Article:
Episode 620 - losers are human too
Jan 30, 2023
My idea was to talk about social pariah characters, people who it's socially acceptable to laugh at, despise, or even hate. They can be the uncool people, the dorks, the dags, the idiots, the overweight, the ugly, the old, the out of touch, the over the hill… On the extreme end they could be monsters and criminals. Generally they're written pretty two dimensionally as a collection of cliches, but when the writing goes beyond that to lend them humanity is when it goes to the next level.
Topics and Show Notes
I'm not talking about underdogs or members of minority groups because people should already know better than to write them as stereotypes or to laugh at them for being what they are. I'm not talking about “punching up” or “down” or sideways either.
A good example would be one of those Mansplaining “M'Lady” characters: a fat, young white guy with a thin goatee beard, in a black stingy brim fedora hat and black trench coat, worn over a t-shirt and cargo shorts. It's socially acceptable to universally despise that person, and it can even feel good to have someone like that who everyone is allowed to laugh at. Other examples are the Boomer, the Karen, the angry vegan woman, nerds, pervs, trainspotters, Furries, Bronies, and Treckies.
My conjecture is that an ordinary or bad writer just uses them as is and leverages the popular social derision surrounding them for humour. While a really good writer goes beyond the cliches and gives the character some humanity. Dwight in the US version of The Office started out as a character we loved to hate, but as the show wore on and he gained more humanity he became an immeasurably better character. King of the Hill is a show entirely dedicated to the sort of people pop-culture gives us permission to mock and deride and yet it shows us their vulnerabilities which makes them so much better than the characters in Family Guy who are similarly despised people but with no other dimension.
One of the main faults of the second Knives Out movie, Glass Onion, is that the characters are mostly all built around cliches we're supposed to despise, and they don't go beyond that. I liked the film but it wasn't as clever it thought it should be.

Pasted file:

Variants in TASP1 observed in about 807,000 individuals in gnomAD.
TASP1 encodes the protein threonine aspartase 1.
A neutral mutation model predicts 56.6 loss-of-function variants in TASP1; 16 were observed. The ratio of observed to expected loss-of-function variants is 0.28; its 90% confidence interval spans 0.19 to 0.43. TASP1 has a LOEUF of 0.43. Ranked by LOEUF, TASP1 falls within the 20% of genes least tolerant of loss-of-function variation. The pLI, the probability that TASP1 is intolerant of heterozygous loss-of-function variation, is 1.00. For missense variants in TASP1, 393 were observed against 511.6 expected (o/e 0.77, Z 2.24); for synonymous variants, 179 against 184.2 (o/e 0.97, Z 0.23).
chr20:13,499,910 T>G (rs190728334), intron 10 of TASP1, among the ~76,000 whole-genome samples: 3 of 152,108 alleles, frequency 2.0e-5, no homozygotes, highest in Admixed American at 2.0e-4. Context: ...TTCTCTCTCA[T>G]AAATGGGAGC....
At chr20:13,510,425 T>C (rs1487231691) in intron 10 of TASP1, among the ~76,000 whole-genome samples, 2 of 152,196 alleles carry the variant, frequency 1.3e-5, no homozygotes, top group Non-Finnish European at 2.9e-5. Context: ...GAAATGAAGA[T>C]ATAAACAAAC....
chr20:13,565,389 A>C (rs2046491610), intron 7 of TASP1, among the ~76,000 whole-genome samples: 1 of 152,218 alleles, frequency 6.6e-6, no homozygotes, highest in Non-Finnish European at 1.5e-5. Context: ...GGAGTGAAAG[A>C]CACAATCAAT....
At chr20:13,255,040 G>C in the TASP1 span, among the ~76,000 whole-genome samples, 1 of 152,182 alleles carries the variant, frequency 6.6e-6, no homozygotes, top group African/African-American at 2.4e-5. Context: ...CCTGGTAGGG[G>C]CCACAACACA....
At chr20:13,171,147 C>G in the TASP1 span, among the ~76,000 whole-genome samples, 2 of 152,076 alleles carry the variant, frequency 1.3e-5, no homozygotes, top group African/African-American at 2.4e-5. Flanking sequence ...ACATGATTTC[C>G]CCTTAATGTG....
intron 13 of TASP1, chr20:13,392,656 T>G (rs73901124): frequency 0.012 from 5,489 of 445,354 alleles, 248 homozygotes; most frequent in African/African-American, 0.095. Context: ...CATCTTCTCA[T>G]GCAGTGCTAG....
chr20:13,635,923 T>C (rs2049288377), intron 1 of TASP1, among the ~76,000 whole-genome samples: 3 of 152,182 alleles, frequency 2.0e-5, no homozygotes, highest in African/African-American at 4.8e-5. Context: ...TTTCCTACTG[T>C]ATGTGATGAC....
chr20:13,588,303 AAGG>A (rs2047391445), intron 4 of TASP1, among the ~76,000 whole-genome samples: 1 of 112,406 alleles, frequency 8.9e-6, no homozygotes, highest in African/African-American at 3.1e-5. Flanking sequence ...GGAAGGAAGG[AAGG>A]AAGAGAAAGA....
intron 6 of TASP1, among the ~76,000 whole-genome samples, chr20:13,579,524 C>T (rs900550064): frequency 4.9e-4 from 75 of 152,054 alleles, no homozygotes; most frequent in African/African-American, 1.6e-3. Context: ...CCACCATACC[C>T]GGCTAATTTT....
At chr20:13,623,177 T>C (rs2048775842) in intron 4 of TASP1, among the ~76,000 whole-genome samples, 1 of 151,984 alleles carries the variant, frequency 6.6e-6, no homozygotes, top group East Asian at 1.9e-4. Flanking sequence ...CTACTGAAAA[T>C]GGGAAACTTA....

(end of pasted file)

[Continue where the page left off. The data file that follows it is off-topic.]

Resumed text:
By all means start off with a boomer, Karen, angry vegan lady or a Mainsplainer, pick the low hanging fruit jokes, get all the easy laughs, but then turn things on their head. Go deeper. Show them as more than a simple cliches, more than a cutout! That will enhance your story supremely, make your characters more interesting, the drama more effective and your jokes funner.
This week Gunwallace has given us the theme to Prince of the Moonlight Stone - Mysterious sounds of the cold, snowy, moonlit, pine-forest… Percussion heats up and leads us down into the steaming jungles in the valleys below, away from the cry of the wolf and the savage bite of the cold mountain winds.
Topics and shownotes
Explorer Chronicles - https://www.theduckwebcomics.com/news/2023/jan/24/featured-comic-explorer-chronicles/
Prince of the Moonlight Stone - - https://www.theduckwebcomics.com/_Prince_of_the_Moonlight_Stone/ - by KillerSandy, rated M.
Special thanks to:
Gunwallace - http://www.virtuallycomics.com
Ozoneocean - https://www.theduckwebcomics.com/user/ozoneocean
Kawaiidaigakusei - https://www.theduckwebcomics.com/user/kawaiidaigakusei
Banes - https://www.theduckwebcomics.com/user/banes
Tantz Aerine - https://www.theduckwebcomics.com/user/Tantz_Aerine/
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